I grew up in a suburb of London (West Norwood) that was once covered by the great North Wood, a natural Oak forest that covered most of the area and raised ground starting four miles south of central London. The most common association with the Oak, one of the oldest and longest, living trees after the Yew tree, is the quality of ‘strength’. This is the tree whose trunk my back longs to lean against when I need to be replenished or to connect with my own source of courage.
References to the Oak tree abound throughout the Bible and the Druids revered the Oak and honoured the sacred Oak grooves that once covered the land. Because of the deep roots of the Oak it is said to support with the well-being and healing of your feet. During one particular turbulent time in my life I sought out the daily company of a huge evergreen Oak tree in my local park. Her presence eased my pain and grief and watched over me as I nursed myself back to strength.
Most people will be familiar with the image of an overhanging Willow tree. The hanging, string like branches of the Willow tree is strongly associated with water and the flow of your emotions. Many Willow trees live on riverbanks and by water and hence it’s connection with tears and it’s ability to ease the pain of deep emotions. The Willow is considered as the poets muse because of the whisper like sound of its over-hanging leaves in the breeze.
Willow branches have a long cultural tradition of being used in funerals. Branches are placed in coffins and young plants, planted on graves. Across cultural traditions in Western Europe the Willow is regarded as a sacred tree. She is aligned with the moon and the tidal cycles. In North Western Europe the Willow was the tree wise women and healers turned to for it’s medicinal ability to ease rheumatism aggravated by damp conditions of the climate. And the Willow tree is considered to be the natural source of modern day aspirin.
I experience being in the company of trees as soothing and calming. I am comforted by the very existence of trees, one of the earth oldest living plant species. I love discovering new stories and legends about the trees we know and live with. If you want to learn more about the energetic characteristics of trees and how to be more closely connected with the trees in your neighbourhood there are plenty of great publications to turn to that make great summer reads.
One of my all time favourite books is Tree Wisdom and A Tree In Your Pocket by Jacqueline Memory Paterson. Other tree books in my collection I’d recommend include:
- Meetings With Remarkable Trees and Remarkable Trees Of The World by Thomas Packenham
- Ancient Trees by Edward Parker & Amanda Lewington
- Bark: An Intimate Look At The World’s Trees by Cedric Pollet
- Trees: The Balance & Life Of Nature by Pierre Lieutaghi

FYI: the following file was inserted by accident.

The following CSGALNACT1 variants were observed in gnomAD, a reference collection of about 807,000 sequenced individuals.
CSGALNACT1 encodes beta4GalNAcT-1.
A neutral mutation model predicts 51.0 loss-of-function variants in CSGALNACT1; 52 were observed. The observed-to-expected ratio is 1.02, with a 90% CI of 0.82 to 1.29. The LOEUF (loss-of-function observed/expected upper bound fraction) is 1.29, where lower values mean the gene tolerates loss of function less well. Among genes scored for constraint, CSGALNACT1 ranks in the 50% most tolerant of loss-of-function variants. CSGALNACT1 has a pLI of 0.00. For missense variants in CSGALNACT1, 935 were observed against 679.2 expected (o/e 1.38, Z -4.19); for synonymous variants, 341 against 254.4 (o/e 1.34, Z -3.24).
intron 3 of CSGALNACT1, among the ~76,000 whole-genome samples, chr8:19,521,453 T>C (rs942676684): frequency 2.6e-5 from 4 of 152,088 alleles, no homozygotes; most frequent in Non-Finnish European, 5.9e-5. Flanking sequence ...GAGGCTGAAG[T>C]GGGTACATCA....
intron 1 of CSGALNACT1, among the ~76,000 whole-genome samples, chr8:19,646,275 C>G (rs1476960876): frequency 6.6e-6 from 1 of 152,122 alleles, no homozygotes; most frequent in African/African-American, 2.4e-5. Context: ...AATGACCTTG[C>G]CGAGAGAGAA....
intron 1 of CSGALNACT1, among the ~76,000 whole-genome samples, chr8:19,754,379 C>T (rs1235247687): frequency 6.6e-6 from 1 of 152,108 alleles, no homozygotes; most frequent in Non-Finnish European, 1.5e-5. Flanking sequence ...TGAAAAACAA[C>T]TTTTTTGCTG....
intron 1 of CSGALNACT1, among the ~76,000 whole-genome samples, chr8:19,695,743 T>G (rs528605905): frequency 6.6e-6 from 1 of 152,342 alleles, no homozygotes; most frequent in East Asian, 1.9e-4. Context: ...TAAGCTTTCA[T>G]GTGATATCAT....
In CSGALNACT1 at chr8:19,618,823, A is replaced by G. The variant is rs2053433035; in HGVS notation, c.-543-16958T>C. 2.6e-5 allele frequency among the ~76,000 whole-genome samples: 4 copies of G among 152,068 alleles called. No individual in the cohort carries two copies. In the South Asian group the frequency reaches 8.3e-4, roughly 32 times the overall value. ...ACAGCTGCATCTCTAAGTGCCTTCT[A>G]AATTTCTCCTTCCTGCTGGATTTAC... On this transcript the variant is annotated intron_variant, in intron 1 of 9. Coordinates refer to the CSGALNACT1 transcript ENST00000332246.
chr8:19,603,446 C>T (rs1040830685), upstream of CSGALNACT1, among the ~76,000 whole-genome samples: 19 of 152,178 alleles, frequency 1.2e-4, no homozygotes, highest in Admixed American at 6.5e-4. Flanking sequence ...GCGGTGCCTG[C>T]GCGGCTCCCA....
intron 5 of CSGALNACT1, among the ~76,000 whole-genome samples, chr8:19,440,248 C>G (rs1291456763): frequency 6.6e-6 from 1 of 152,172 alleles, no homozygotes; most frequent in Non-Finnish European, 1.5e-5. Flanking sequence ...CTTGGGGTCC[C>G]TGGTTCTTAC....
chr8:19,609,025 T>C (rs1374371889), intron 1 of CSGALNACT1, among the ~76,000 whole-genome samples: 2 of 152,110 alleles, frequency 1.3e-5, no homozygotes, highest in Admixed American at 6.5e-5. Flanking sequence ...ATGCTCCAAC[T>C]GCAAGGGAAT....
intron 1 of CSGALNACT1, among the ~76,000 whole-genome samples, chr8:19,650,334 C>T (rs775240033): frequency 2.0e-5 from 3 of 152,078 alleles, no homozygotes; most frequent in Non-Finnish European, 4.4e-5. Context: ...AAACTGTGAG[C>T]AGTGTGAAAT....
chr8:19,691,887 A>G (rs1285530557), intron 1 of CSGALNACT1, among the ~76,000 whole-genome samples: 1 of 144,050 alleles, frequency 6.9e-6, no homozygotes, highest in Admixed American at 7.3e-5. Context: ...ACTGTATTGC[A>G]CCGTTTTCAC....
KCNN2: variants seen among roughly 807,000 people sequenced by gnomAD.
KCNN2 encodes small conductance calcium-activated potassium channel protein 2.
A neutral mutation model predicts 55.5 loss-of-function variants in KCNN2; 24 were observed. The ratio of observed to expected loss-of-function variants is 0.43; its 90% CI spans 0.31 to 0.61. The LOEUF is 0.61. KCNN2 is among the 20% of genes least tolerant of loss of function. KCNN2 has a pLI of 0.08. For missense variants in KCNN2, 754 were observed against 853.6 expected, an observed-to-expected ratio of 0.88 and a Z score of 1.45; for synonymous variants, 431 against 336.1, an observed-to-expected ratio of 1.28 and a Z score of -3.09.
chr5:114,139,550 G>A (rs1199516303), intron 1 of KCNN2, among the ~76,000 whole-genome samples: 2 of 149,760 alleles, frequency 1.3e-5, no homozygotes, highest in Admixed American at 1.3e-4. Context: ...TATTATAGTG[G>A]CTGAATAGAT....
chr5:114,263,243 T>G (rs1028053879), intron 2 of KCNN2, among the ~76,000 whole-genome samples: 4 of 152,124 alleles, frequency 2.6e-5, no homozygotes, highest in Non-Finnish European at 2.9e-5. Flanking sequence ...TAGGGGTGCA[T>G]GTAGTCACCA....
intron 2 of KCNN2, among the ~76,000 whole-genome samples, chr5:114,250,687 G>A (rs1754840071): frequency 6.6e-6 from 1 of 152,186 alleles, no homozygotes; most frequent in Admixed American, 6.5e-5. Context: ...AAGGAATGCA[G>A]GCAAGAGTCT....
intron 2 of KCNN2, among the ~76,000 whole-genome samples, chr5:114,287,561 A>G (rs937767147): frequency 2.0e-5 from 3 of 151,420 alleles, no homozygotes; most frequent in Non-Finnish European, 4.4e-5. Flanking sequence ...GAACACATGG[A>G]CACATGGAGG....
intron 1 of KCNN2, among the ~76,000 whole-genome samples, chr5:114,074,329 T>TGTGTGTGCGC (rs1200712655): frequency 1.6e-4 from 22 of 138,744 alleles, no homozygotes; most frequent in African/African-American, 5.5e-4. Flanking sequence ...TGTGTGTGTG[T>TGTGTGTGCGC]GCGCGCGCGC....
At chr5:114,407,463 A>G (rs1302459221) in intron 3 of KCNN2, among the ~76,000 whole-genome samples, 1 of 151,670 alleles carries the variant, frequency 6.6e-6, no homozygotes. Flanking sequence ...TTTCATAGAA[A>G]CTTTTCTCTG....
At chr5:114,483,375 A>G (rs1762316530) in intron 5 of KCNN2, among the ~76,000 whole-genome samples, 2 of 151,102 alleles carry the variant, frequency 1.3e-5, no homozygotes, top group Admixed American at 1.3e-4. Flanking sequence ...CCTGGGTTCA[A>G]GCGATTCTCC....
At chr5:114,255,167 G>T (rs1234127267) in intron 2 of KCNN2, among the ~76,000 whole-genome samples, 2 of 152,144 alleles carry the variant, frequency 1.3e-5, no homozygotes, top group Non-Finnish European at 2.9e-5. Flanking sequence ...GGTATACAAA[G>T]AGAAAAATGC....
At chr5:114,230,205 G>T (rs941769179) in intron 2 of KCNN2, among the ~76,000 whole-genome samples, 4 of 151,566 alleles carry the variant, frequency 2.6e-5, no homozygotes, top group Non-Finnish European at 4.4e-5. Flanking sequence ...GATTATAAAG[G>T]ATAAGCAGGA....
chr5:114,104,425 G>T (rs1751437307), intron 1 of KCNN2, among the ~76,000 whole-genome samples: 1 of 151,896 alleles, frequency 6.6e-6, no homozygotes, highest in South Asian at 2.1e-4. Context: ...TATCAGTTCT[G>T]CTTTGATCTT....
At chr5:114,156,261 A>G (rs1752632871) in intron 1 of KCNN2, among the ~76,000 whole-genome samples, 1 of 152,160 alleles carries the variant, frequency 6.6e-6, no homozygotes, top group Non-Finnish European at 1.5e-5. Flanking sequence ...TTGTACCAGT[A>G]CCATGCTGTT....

- The Great Trees Of London by Time Out Magazine
- The Secret Life Of Trees by Colin Tudge
- Using The Wisdom Of Tree Oracle Card deck by Jane Struthers
- Tree Affirmation Cards by Victoria Sofia Lewis
- The Wisdom Of Trees by Max Adams
Sunday, June 14th, 2015
In today’s blog post I’m delighted to share Nicole Moore’s favourite tree a Banyan tree which she posted on my twitter feed using the hastag #treesonyourtravels
Nicole Moore’s love of trees started in childhood, in Highbury, North London, which has a lot of lovely tree-lined roads. Her favourite school art lessons were when she was given the freedom to paint whatever she liked. It was always a tree.
Nicole found painting trees soothing. This photo of Nicole sitting on a Banyan tree was taken in August 1988 in the most exciting, enchanting and beautiful Oratava Acclimatisation Gardens, on the edge of Puerto de la Cruz in the second most major town in Tenerife.
Nicole penned a pantoum poem about her favourite tree.
So what’s a pantoum poem I hear you ask?
Well according to Nicole the pantoum is a poem of any length composed of four-line stanzas. In each stanza, the second and fourth lines serve as the first and third lines of the next stanza.
The last line of a pantoum is generally the same as the first line. Nicole really likes this form of poetry because it removes certain elements of choice for you as a poet, and that can be kind of freeing.
Still a Tree
It’s hard to believe
The Banyan tree
Started its life as an epiphyte
Yet still, beauty lies deep
The Banyan tree remains
Strong, eloquent, solid, still tree
Yet still, its beauty lies deep
Gracious and grounded
Strong eloquent, solid, still a tree
Over 200 years old
Its majestic presence is irresistible
Voiceless it speaks
Started its life as an epiphyte
Connecting roots directly and indirectly to its central trunk
It’s hard to believe
© Nicole Moore May 2015
Nicole Moore is a freelance writer and editor with experience in magazines, newspapers, blogs and poetry anthologies. She writes non-fiction in the form of personal essays, memoir and poetry.
Nicole is the author of Brown Eyes, Sexual Attraction Revealed and Hair Power Skin Revolution.
If you would like to tell us about a favourite tree or a tree from childhood please feel free to send it into:firstname.lastname@example.org or share it on my twitter feed @jackeeholder using the hastag #treesonyourtravels
Another beautiful Banyan tree for you to meditate on.
Sunday, April 26th, 2015
© Robert Bush
For a few months now on Twitter I’ve been encouraging people to capture photographs of trees on their travels #treesonyourtravels. One tree that caught my eye last week as I took a short walk to post a letter was an Olive tree taking centre stage of a front garden.